This couldn’t really be billed as an “Amp Issue” if I didn’t go on and on here about amps, now could it? But I promise I won’t blab too much about how an amp arguably does more for your tone than anything else in your signal chain. That’s all true— after all, it’s the last thing in that chain and it broadcasts the signal for all to hear—but what I want to do here instead is talk a little about the stories our amps tell. Because our gear choices do tell a lot, sometimes more after they’re gone than when we have them.
My first amp was a little solid-state Peavey Backstage Plus 1x12 combo. The year was 1984, and the amp lasted less than a day. Not because it blew up or died, but because I’d purchased it at a big annual sale at Herger Music in Provo, Utah, where I’d also bought my first electric guitar—a two-knob 1983 Fender Strat. Mere hours afterward, the store had a drawing for a giveaway and I ended up winning the grand prize, a solid-state Marshall Master Lead Combo. I was 12 and had begun playing acoustic guitar a year before, which ticked off the older second-prize winner (he got a Tom Scholz Rockman Soloist) to no end. He’d played for years, and there I was—this skinny little kid, a foot or two shorter— stealing the cooler prize away. And to add injury to insult, my bandaged-up broken thumb (caused by a gnarly attempt at Evel Knievel-style BMX biking) made it impossible to play for a while—yet more reason for the runner-up to scowl.
The people who ran Herger were cool enough to let me return the Peavey, and for the next couple of years that Marshall broadcast my stilted, out-of-tune, rhythmically challenged parts in my first band—an originals power trio with very little in the way of actual power. The concept of master volume versus standard volume knobs was somewhat foreign to me then, because I didn’t really know anyone else who played guitar except my teacher at the music shop.
And don’t even get me started on tubes. My mom had thought the salesman was trying to liquidate old, outdated inventory when he suggested a valve-equipped model, so her gut reaction was to spring for the “cutting-edge” solid-state gear.
Within a year or so, I’d enrolled in the Commercial Music class at my local high school, where they had a Roland JC-120 Jazz Chorus amp that was shared with the jazz band. I finally met a couple of older and more experienced guitarists there, and our class band played stuff like U2’s “New Year’s Day,” Dire Straits’ “Money for Nothing,” and godawful Top 40 stuff with synth parts that sounded like the themes from nighttime “news magazine” shows.
I still didn’t know jack about tone, though—or at least not enough to make good decisions. In the grand scheme of guitar things, it was an unfortunate time to come of age: Digital was becoming much more prominent and powerful—and for fewer dollars— and the seminal guitar tones and gear from the ’50s on through the ’70s was suddenly deemed outdated and limited. It was a perfect storm for clinically clean, one-dimensional tones that sounded nothing like the guitars that’d forged rock up to that point, even when augmented with pedals of the period (I had a DOD American Metal and, later, a DigiTech PDS1550). And catching snippets of interviews with guitarists like Joe Satriani talking about using a JC-120 for clean tones just prolonged the time till I discovered tube tones.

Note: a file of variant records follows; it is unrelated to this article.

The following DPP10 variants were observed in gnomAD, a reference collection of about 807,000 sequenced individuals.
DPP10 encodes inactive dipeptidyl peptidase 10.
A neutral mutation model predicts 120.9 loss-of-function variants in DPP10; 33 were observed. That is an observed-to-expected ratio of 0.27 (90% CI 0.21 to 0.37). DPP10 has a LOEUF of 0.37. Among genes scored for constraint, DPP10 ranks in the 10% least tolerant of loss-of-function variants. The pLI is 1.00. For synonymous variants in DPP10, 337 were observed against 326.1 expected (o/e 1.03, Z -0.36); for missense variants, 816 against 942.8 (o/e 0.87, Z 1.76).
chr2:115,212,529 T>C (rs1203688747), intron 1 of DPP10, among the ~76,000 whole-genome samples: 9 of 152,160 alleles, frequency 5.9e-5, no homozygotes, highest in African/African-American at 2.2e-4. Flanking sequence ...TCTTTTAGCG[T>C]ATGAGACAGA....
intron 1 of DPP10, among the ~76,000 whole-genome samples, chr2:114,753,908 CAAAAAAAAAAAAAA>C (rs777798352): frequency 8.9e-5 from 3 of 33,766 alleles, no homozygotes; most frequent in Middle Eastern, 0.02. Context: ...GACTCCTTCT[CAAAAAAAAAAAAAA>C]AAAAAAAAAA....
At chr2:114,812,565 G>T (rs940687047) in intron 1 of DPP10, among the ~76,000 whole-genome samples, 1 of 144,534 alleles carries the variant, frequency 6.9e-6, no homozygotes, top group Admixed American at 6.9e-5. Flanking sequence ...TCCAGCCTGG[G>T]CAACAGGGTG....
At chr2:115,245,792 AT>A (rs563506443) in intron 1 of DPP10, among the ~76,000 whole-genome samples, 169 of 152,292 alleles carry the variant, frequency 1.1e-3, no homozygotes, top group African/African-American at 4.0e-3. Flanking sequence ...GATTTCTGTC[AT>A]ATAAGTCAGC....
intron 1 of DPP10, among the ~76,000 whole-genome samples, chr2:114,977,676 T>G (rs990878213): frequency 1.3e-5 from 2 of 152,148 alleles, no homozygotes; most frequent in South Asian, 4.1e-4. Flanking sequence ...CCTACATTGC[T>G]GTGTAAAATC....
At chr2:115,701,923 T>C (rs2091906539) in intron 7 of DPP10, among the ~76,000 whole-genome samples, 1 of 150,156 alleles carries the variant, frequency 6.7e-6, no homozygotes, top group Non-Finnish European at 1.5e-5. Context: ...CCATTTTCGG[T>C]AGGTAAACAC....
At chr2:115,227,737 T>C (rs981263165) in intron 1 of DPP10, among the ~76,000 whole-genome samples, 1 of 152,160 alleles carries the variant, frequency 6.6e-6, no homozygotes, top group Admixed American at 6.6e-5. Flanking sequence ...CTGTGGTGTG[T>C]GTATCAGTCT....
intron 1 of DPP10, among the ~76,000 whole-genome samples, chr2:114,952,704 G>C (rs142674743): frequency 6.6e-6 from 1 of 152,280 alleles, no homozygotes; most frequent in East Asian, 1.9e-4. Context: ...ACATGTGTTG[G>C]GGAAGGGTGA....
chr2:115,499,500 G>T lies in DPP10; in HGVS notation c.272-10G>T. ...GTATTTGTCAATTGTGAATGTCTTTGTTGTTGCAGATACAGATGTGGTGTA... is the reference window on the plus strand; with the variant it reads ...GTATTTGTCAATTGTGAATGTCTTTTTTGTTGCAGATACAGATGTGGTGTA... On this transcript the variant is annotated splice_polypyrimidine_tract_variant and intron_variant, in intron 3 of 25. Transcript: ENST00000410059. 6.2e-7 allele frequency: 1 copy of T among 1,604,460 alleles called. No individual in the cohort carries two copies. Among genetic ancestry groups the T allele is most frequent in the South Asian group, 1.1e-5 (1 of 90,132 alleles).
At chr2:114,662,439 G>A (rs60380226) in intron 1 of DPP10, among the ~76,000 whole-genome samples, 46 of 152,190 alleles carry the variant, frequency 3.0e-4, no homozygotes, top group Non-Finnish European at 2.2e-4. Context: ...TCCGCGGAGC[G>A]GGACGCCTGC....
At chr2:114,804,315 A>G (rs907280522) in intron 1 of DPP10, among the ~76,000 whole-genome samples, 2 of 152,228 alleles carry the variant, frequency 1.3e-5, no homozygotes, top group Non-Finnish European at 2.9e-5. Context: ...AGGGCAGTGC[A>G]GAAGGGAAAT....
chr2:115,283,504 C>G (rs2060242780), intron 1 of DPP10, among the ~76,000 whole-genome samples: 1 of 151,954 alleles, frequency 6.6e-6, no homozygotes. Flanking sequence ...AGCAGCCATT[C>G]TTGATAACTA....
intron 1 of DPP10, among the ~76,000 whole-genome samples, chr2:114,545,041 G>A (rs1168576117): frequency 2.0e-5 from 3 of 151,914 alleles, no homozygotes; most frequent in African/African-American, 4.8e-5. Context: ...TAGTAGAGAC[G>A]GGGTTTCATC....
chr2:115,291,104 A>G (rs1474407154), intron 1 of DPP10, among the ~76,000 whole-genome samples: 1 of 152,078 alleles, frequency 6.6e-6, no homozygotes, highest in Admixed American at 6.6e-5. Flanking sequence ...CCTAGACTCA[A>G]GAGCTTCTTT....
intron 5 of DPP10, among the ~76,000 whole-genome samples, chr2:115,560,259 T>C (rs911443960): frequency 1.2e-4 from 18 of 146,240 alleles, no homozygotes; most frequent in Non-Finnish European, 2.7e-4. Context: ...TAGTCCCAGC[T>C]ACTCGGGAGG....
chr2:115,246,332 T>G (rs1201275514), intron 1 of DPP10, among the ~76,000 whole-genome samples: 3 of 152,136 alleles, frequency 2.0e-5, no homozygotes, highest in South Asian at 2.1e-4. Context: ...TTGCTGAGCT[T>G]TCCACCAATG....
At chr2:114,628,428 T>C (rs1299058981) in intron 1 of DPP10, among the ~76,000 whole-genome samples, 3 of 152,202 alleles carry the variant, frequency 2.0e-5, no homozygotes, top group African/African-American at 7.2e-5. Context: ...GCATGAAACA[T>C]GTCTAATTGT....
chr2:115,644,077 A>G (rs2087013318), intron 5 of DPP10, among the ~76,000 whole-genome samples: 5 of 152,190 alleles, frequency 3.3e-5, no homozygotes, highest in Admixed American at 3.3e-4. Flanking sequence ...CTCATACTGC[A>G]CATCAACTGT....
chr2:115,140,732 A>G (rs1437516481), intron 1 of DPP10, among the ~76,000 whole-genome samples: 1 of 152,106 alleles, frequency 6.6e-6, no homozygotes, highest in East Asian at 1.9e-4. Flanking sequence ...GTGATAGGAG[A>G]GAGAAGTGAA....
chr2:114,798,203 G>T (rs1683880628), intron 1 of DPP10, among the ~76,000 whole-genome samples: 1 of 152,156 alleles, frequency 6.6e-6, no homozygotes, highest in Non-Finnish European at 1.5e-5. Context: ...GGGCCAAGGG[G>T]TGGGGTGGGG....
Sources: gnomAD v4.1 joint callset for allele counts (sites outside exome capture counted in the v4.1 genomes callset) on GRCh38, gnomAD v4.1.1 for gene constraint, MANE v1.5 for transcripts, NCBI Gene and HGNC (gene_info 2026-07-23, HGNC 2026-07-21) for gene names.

A slight tonal turning point finally came when I started going to clinics put on by visiting shredders at local shops. Players I’d read about, like Paul Gilbert and Frank Gambale. Players who seemed to be reawakening to at least half of the truth about great guitar sounds. Players extolling the virtues of new 12AX7- powered digital preamps like the ADA MP-1, which I bought and ran through the JC-120. (Yes, I ran a metal-head preamp through a squeaky-clean, jazz-cat amp. Theoretically, it seemed like pure genius.)
Toward the end of the ’80s, 6-stringers finally seemed to remember en masse that great tones usually come from all-tube amps—an awakening due, no doubt, to the success of Guns N’ Roses’ old-school renaissance. I couldn’t afford one for a while after that, but after graduation I finally got half of the amp rig used by my (then) newfound hero, Eric Johnson. His Ah Via Musicom convinced me a Fender Twin and a Marshall plexi were the keys to amazing tone, but I could only afford the former so I got a ’65 reissue and a Hughes & Kettner Tubeman pedal to drive its front end.
But the awakening wasn’t complete till a bit later when I realized that pedal-generated distortion could never compete with what other power tubes could generate in amps with less headroom and a different tube topology. Soon afterward, I went on a bit of an amp-buying spree: I experimented with an EL34-powered Bedrock combo, and EL84s in a VHT Pittbull 50/12 and a Matchless SC30.
A little later, I foolishly let myself swoon over a pricey digital-recording system, selling my rare Matchless Skyliner Reverb to bankroll it. Next up was a 6L6-powered Reverend Hellhound, then had a short-lived trial with a Line 6 Flextone II modeling amp before grabbing a plexivoiced Budda Superdrive 30 II, and then a fantastic-sounding Fender ’65 Deluxe Reverb, a silverface Fender Vibro Champ, a Laney VC30, and now a Goodsell Valpreaux 21.
For the most part, all these amps sounded great, and each successive one was either an improvement in sound or at least a new adventure that helped me narrow down my aural ideal. Many of them I wish I still had, although I have to say that I’ve never been happier about my amp tone than I am now—and it’s lasted longer than with any other amp, too.
Here’s to your amp adventures in this issue, those in your past, and those in the future. And if you feel like sharing them, please write me.